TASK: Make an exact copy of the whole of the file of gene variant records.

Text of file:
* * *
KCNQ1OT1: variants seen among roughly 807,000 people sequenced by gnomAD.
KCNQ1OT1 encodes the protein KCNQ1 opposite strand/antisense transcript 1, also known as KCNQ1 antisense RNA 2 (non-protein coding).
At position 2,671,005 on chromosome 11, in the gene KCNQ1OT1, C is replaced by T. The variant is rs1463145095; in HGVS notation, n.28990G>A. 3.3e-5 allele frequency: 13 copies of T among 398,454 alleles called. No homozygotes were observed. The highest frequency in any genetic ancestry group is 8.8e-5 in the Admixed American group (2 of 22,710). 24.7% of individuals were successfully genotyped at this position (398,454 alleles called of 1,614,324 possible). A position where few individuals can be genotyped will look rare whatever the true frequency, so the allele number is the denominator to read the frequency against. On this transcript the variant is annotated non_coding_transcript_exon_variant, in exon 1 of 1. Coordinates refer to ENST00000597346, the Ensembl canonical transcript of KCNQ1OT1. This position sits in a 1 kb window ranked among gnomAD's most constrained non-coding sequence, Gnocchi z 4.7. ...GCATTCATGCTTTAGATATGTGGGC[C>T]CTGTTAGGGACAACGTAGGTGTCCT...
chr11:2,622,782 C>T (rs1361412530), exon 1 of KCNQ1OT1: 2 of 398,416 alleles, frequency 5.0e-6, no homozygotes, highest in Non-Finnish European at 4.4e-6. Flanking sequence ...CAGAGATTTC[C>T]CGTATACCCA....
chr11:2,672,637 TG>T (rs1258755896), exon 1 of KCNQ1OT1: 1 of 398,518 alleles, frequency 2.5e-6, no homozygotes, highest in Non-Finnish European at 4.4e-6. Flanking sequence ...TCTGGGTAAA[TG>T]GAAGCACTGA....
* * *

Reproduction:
KCNQ1OT1: variants seen among roughly 807,000 people sequenced by gnomAD.
KCNQ1OT1 encodes the protein KCNQ1 opposite strand/antisense transcript 1, also known as KCNQ1 antisense RNA 2 (non-protein coding).
At position 2,671,005 on chromosome 11, in the gene KCNQ1OT1, C is replaced by T. The variant is rs1463145095; in HGVS notation, n.28990G>A. 3.3e-5 allele frequency: 13 copies of T among 398,454 alleles called. No homozygotes were observed. The highest frequency in any genetic ancestry group is 8.8e-5 in the Admixed American group (2 of 22,710). 24.7% of individuals were successfully genotyped at this position (398,454 alleles called of 1,614,324 possible). A position where few individuals can be genotyped will look rare whatever the true frequency, so the allele number is the denominator to read the frequency against. On this transcript the variant is annotated non_coding_transcript_exon_variant, in exon 1 of 1. Coordinates refer to ENST00000597346, the Ensembl canonical transcript of KCNQ1OT1. This position sits in a 1 kb window ranked among gnomAD's most constrained non-coding sequence, Gnocchi z 4.7. ...GCATTCATGCTTTAGATATGTGGGC[C>T]CTGTTAGGGACAACGTAGGTGTCCT...
chr11:2,622,782 C>T (rs1361412530), exon 1 of KCNQ1OT1: 2 of 398,416 alleles, frequency 5.0e-6, no homozygotes, highest in Non-Finnish European at 4.4e-6. Flanking sequence ...CAGAGATTTC[C>T]CGTATACCCA....
chr11:2,672,637 TG>T (rs1258755896), exon 1 of KCNQ1OT1: 1 of 398,518 alleles, frequency 2.5e-6, no homozygotes, highest in Non-Finnish European at 4.4e-6. Flanking sequence ...TCTGGGTAAA[TG>T]GAAGCACTGA....